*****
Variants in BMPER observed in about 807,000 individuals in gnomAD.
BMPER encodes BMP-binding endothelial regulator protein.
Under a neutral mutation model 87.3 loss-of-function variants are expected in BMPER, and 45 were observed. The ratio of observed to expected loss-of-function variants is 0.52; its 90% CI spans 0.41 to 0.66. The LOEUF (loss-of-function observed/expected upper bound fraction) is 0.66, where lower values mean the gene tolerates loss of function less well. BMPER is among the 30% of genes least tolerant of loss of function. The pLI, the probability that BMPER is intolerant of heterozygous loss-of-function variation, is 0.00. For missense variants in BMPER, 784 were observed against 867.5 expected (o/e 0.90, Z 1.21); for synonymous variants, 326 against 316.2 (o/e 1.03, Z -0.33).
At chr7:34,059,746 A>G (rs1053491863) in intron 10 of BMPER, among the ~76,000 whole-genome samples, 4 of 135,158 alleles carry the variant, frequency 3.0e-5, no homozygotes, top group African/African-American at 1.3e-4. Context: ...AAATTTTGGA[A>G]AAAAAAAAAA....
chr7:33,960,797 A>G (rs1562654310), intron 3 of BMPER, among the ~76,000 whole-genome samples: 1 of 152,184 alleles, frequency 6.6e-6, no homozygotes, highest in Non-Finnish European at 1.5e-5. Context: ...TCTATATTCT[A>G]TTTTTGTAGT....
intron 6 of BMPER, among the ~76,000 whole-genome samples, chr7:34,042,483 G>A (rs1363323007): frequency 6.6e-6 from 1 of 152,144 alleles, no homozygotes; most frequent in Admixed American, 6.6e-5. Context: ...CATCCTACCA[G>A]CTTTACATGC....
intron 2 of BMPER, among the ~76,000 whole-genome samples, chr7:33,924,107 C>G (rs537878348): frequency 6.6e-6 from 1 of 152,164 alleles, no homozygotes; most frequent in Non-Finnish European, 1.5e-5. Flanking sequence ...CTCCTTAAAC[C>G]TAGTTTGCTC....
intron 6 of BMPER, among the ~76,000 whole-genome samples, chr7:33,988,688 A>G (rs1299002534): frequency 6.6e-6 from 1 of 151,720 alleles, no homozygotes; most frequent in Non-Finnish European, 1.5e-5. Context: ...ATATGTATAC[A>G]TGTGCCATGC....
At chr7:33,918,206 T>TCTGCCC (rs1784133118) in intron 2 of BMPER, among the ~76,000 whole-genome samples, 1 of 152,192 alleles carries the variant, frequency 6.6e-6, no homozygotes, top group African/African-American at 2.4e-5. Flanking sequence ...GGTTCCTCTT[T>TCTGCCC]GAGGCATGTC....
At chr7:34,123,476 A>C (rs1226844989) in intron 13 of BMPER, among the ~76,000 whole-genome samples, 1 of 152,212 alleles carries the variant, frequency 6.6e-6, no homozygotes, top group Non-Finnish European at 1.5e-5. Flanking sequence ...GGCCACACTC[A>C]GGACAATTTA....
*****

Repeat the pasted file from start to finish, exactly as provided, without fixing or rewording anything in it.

Variants in BMPER observed in about 807,000 individuals in gnomAD.
BMPER encodes BMP-binding endothelial regulator protein.
Under a neutral mutation model 87.3 loss-of-function variants are expected in BMPER, and 45 were observed. The ratio of observed to expected loss-of-function variants is 0.52; its 90% CI spans 0.41 to 0.66. The LOEUF (loss-of-function observed/expected upper bound fraction) is 0.66, where lower values mean the gene tolerates loss of function less well. BMPER is among the 30% of genes least tolerant of loss of function. The pLI, the probability that BMPER is intolerant of heterozygous loss-of-function variation, is 0.00. For missense variants in BMPER, 784 were observed against 867.5 expected (o/e 0.90, Z 1.21); for synonymous variants, 326 against 316.2 (o/e 1.03, Z -0.33).
At chr7:34,059,746 A>G (rs1053491863) in intron 10 of BMPER, among the ~76,000 whole-genome samples, 4 of 135,158 alleles carry the variant, frequency 3.0e-5, no homozygotes, top group African/African-American at 1.3e-4. Context: ...AAATTTTGGA[A>G]AAAAAAAAAA....
chr7:33,960,797 A>G (rs1562654310), intron 3 of BMPER, among the ~76,000 whole-genome samples: 1 of 152,184 alleles, frequency 6.6e-6, no homozygotes, highest in Non-Finnish European at 1.5e-5. Context: ...TCTATATTCT[A>G]TTTTTGTAGT....
intron 6 of BMPER, among the ~76,000 whole-genome samples, chr7:34,042,483 G>A (rs1363323007): frequency 6.6e-6 from 1 of 152,144 alleles, no homozygotes; most frequent in Admixed American, 6.6e-5. Context: ...CATCCTACCA[G>A]CTTTACATGC....
intron 2 of BMPER, among the ~76,000 whole-genome samples, chr7:33,924,107 C>G (rs537878348): frequency 6.6e-6 from 1 of 152,164 alleles, no homozygotes; most frequent in Non-Finnish European, 1.5e-5. Flanking sequence ...CTCCTTAAAC[C>G]TAGTTTGCTC....
intron 6 of BMPER, among the ~76,000 whole-genome samples, chr7:33,988,688 A>G (rs1299002534): frequency 6.6e-6 from 1 of 151,720 alleles, no homozygotes; most frequent in Non-Finnish European, 1.5e-5. Context: ...ATATGTATAC[A>G]TGTGCCATGC....
At chr7:33,918,206 T>TCTGCCC (rs1784133118) in intron 2 of BMPER, among the ~76,000 whole-genome samples, 1 of 152,192 alleles carries the variant, frequency 6.6e-6, no homozygotes, top group African/African-American at 2.4e-5. Flanking sequence ...GGTTCCTCTT[T>TCTGCCC]GAGGCATGTC....
At chr7:34,123,476 A>C (rs1226844989) in intron 13 of BMPER, among the ~76,000 whole-genome samples, 1 of 152,212 alleles carries the variant, frequency 6.6e-6, no homozygotes, top group Non-Finnish European at 1.5e-5. Flanking sequence ...GGCCACACTC[A>C]GGACAATTTA....